They’re political, brash, and unafraid to voice their opinion where it matters most. Plus, they know how to start a party, exemplified by songs like “101,” “Kyu,” and “Shaktimaan.” Their vivacious energy is ever-present in the way they bounce off each other in their live shows and on their debut album, Bayaan. Listening to Seedhe Maut, there’s a definite feeling that they’re going to dictate how the genre plays out over the next decade.
Last year, Park Circus released their eponymous debut album to critical acclaim. The eight-track record announced the Kolkata-based group — named after one of the city’s neighborhoods — as a funk-centered, old school crew. Comprised of MC Azad, Joy Roy, National Animal, and DJ Vally, they’re often supported by Rohini Bhose in live performances.
Azad’s laid-back drawl is reminiscent of ’90s era flows, especially when he complements it with laughably dark verses. National Animal’s dense, off-kilter beats are remarkable, and considering how much of their work is melody-focused, their hard-hitting verses seem to penetrate better than they should. Park Circus’ music offers an intriguing snapshot of India — a country in unrest — while showing glimpses of joy. Representing a famous city which many had decried as dying, Park Circus are keeping the idea of Kolkata as an artistic city alive.
A criticism that is fairly leveled at most hip-hop communities around the globe, and the Indian one in particular, is the lack of female or non-male representation. There are barely a handful of these artists in the Indian underground. Some, like Pulpy Shilpy, are too experimental to be classified as a rapper, which made Siri’s arrival on the scene a welcome one.
With “Live It,” a self-directed and self-funded song and video, she demanded attention from the industry. Thanks to its theme of empowerment and its reveal of Siri’s ability to rap across languages — English, Kannada, and Hindi — the song went viral. She oozes confidence with a blasé, nonchalant attitude that has already won over fans in both critics and the industry alike. With an upcoming five-track EP executive produced by the country’s most in-demand producer, Sez on the Beat, 2020 is hopefully the year Siri firmly takes over.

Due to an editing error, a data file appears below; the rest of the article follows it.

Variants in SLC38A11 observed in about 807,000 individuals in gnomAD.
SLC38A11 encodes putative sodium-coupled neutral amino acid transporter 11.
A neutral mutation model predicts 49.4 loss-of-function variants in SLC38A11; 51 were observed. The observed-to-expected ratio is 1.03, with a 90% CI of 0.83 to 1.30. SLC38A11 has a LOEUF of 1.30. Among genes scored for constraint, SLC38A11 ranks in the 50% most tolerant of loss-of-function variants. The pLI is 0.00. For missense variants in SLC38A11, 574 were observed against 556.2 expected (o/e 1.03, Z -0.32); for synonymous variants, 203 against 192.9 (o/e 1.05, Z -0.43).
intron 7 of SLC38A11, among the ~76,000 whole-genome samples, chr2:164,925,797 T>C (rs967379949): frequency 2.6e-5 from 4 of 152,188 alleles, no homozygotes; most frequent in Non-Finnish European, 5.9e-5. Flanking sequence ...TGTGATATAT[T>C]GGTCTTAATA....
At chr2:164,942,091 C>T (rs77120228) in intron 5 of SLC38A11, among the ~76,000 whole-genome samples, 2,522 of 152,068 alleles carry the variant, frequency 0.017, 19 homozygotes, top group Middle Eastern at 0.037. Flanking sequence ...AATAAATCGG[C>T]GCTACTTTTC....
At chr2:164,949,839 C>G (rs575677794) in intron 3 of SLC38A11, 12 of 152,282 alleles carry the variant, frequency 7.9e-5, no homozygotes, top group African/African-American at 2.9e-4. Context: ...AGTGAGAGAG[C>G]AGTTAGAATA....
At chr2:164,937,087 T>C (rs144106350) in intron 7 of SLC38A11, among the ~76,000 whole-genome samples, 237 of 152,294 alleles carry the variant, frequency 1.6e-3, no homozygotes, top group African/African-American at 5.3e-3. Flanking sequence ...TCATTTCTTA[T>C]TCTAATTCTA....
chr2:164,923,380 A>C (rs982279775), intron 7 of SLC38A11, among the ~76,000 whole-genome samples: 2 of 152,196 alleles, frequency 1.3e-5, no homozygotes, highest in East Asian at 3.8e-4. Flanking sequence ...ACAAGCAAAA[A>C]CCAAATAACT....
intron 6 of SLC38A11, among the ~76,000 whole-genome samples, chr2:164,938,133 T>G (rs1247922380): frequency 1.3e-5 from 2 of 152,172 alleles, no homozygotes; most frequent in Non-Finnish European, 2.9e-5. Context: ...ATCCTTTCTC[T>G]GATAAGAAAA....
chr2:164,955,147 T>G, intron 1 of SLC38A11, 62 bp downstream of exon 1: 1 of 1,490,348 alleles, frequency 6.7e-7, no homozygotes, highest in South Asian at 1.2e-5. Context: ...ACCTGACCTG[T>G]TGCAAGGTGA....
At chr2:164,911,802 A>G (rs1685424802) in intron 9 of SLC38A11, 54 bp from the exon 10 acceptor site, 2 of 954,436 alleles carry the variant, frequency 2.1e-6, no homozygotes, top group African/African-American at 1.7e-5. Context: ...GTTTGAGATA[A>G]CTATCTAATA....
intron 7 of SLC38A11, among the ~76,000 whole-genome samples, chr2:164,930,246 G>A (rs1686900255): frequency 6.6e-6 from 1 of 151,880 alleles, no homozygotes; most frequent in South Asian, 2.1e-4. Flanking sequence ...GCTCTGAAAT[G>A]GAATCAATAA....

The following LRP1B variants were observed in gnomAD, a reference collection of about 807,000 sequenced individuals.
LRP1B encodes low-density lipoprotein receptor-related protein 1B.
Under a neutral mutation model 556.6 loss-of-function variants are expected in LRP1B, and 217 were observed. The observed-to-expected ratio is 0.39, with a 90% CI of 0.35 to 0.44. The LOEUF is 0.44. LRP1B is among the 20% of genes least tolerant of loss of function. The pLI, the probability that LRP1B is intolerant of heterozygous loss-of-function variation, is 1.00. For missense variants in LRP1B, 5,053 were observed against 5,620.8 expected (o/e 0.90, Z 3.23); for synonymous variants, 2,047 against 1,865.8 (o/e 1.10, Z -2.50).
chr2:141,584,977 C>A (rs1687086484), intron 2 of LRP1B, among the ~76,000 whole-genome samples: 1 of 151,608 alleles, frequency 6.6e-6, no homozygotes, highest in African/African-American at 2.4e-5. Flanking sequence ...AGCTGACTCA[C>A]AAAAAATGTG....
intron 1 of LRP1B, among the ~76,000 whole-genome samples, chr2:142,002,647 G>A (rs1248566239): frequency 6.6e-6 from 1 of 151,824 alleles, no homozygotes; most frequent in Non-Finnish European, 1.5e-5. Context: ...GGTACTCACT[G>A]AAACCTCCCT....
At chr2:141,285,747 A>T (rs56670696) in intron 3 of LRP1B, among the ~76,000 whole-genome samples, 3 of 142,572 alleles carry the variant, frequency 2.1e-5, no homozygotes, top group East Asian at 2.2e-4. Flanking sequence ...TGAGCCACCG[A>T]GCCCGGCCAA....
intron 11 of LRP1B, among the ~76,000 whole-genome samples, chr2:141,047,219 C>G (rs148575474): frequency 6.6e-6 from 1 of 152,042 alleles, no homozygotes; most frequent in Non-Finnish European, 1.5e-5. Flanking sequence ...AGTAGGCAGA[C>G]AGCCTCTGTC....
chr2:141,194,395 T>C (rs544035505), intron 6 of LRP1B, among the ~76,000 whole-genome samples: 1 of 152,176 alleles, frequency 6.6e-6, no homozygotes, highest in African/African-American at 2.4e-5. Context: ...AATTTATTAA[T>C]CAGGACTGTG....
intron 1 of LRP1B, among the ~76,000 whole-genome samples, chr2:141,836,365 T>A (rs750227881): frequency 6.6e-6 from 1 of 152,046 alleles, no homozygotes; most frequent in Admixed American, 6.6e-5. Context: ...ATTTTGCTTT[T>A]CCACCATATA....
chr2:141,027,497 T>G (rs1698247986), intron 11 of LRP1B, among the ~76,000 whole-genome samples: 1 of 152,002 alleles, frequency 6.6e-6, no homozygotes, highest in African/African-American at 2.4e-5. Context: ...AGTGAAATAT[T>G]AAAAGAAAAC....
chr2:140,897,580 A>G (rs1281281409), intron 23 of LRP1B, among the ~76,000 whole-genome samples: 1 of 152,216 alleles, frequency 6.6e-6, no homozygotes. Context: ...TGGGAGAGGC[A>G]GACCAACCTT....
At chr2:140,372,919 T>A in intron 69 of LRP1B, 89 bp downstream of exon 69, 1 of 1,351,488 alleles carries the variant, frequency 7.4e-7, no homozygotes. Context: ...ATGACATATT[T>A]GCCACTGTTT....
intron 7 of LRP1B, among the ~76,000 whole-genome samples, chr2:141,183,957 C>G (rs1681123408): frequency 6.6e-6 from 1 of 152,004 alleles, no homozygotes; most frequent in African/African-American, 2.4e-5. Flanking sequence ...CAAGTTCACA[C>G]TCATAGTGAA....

Another Kerala-based outfit, Street Academics are one of the oldest hip-hop groups in India. Having been around for over a decade, the collective defined the underground sound for years. The group’s multilingual lyricism tackles difficult topics while expressing their identity, and they were one of the first to rap in a vernacular style.
Though their production has always been a bit lacking (a formulaic boom-bap sound), they manage to insert several other genres like lo-fi, folk, ambient, or R&B, always managing to rap over them with confidence. The group released their latest album Loop last year — long time fans will note that each album has a thematic output and is somehow loosely interconnected in an alternative universe that feels very much like our own.